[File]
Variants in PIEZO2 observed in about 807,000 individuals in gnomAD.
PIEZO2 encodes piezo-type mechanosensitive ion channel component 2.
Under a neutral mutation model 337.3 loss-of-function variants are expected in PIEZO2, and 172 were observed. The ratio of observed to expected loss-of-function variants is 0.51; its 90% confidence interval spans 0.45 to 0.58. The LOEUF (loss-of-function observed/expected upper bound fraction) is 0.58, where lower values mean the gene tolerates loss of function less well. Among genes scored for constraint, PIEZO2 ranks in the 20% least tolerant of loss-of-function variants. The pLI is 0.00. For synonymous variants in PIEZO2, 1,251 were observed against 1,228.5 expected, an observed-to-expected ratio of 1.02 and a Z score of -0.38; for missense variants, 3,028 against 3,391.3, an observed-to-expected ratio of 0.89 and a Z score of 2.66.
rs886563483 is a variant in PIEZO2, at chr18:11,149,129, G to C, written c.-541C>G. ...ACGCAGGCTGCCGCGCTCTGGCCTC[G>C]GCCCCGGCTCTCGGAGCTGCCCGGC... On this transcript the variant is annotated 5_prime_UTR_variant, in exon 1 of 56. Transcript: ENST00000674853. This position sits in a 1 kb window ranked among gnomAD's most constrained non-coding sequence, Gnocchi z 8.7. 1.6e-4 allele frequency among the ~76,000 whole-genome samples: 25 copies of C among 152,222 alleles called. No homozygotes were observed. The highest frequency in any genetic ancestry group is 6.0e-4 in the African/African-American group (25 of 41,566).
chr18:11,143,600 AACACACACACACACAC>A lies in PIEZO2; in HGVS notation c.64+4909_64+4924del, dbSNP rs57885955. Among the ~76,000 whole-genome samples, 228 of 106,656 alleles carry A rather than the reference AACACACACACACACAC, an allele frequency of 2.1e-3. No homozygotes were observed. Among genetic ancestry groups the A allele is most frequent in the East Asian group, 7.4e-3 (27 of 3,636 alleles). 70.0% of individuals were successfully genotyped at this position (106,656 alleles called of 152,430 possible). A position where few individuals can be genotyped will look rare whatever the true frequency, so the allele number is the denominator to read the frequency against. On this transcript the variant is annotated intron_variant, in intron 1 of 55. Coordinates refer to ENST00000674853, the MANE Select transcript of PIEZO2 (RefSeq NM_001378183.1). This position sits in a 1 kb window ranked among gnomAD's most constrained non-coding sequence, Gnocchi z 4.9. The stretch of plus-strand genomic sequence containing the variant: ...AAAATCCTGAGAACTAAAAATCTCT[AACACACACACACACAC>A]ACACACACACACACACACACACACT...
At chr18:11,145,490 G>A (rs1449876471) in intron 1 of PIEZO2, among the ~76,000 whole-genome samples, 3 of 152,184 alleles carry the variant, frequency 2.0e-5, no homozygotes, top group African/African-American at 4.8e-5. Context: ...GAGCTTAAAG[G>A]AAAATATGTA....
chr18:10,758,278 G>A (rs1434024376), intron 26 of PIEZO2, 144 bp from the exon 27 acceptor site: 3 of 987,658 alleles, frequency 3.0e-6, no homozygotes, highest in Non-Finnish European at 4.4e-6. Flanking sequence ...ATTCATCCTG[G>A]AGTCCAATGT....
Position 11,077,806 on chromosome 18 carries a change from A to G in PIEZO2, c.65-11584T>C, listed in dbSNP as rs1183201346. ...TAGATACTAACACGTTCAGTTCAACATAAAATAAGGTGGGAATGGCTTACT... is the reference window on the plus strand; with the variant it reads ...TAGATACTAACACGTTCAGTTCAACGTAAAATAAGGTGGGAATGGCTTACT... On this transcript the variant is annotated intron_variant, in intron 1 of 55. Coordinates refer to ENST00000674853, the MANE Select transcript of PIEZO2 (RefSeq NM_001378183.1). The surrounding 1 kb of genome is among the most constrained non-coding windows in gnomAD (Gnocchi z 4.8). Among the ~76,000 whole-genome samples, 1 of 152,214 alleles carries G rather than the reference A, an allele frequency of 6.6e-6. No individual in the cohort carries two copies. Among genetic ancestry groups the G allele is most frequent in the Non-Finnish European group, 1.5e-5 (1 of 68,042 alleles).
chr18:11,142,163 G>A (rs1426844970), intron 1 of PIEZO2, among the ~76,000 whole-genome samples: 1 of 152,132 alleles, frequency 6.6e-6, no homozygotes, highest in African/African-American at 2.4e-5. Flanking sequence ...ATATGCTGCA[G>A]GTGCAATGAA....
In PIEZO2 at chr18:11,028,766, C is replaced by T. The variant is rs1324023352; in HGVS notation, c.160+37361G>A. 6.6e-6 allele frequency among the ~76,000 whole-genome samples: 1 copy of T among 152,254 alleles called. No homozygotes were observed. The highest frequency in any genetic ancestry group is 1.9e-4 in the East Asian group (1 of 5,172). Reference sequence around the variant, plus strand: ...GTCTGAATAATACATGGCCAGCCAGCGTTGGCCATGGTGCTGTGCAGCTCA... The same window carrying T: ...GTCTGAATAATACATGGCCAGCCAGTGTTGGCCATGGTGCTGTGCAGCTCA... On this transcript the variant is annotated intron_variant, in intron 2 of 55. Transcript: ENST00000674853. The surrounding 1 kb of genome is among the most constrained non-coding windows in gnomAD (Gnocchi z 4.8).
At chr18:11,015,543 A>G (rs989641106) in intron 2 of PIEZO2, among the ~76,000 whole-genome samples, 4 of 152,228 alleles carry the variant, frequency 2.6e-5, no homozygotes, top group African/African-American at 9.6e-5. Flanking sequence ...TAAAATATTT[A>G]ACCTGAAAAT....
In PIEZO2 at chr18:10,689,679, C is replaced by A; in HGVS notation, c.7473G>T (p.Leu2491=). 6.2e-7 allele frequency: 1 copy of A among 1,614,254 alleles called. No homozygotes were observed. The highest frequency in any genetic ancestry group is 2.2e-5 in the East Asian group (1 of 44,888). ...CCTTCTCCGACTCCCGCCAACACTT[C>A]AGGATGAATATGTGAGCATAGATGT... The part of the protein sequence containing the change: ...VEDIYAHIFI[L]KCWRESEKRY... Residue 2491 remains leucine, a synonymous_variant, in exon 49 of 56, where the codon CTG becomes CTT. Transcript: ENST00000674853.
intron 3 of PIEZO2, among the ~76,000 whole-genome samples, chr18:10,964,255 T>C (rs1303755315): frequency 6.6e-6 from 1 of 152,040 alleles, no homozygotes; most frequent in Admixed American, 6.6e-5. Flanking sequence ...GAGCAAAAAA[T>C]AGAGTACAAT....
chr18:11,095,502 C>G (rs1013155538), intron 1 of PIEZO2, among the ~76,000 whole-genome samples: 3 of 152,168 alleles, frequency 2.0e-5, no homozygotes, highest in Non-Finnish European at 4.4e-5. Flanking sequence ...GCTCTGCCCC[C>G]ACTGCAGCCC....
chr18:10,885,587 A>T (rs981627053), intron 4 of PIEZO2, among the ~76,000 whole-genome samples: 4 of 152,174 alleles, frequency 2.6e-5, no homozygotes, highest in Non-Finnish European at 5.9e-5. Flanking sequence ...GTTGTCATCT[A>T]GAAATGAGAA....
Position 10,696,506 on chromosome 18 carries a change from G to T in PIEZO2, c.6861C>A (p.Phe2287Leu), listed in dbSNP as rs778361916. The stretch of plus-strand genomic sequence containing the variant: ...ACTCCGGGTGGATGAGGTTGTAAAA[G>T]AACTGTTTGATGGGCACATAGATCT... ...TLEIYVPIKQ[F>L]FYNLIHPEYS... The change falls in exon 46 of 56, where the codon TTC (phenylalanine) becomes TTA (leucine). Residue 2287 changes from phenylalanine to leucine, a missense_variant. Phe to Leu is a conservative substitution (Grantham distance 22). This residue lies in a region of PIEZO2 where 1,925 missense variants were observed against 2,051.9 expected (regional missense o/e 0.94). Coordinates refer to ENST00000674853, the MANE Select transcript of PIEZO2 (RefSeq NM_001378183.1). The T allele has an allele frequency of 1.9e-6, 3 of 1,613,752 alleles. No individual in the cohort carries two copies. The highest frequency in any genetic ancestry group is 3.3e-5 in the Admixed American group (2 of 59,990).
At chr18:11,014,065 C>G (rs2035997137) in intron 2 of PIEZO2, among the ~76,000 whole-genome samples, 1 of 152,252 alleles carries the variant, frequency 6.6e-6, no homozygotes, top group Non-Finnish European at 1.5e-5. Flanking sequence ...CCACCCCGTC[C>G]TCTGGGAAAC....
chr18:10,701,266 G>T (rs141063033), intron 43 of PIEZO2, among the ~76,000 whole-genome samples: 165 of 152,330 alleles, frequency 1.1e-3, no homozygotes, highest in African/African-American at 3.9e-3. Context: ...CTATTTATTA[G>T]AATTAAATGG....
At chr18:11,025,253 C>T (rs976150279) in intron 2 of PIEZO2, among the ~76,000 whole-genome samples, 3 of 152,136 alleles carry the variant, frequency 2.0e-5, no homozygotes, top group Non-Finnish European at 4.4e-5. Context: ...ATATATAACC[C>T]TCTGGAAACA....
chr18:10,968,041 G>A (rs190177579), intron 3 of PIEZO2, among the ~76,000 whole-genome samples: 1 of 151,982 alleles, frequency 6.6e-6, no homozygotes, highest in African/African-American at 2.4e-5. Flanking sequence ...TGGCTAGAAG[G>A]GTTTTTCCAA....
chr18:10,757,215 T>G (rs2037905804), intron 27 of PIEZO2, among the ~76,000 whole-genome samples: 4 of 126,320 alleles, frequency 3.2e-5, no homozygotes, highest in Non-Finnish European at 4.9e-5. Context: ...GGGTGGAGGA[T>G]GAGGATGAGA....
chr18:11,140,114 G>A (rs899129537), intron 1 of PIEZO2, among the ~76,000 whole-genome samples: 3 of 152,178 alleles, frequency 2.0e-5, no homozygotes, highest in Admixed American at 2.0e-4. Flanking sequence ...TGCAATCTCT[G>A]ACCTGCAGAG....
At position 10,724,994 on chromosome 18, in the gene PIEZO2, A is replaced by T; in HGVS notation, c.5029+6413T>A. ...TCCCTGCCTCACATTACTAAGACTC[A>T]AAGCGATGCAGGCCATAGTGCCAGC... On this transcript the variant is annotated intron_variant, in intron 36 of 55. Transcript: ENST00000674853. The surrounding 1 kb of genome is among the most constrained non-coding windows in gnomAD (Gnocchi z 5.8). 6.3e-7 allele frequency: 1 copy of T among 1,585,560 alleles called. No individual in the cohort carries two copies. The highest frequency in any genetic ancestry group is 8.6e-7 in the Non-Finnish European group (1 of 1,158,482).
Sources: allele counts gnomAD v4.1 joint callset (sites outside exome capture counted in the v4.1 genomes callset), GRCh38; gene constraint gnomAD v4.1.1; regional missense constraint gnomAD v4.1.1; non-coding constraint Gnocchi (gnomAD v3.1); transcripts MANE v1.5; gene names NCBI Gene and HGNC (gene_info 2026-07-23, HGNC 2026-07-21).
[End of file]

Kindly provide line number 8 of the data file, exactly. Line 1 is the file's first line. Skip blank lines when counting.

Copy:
Position 11,077,806 on chromosome 18 carries a change from A to G in PIEZO2, c.65-11584T>C, listed in dbSNP as rs1183201346. ...TAGATACTAACACGTTCAGTTCAACATAAAATAAGGTGGGAATGGCTTACT... is the reference window on the plus strand; with the variant it reads ...TAGATACTAACACGTTCAGTTCAACGTAAAATAAGGTGGGAATGGCTTACT... On this transcript the variant is annotated intron_variant, in intron 1 of 55. Coordinates refer to ENST00000674853, the MANE Select transcript of PIEZO2 (RefSeq NM_001378183.1). The surrounding 1 kb of genome is among the most constrained non-coding windows in gnomAD (Gnocchi z 4.8). Among the ~76,000 whole-genome samples, 1 of 152,214 alleles carries G rather than the reference A, an allele frequency of 6.6e-6. No individual in the cohort carries two copies. Among genetic ancestry groups the G allele is most frequent in the Non-Finnish European group, 1.5e-5 (1 of 68,042 alleles).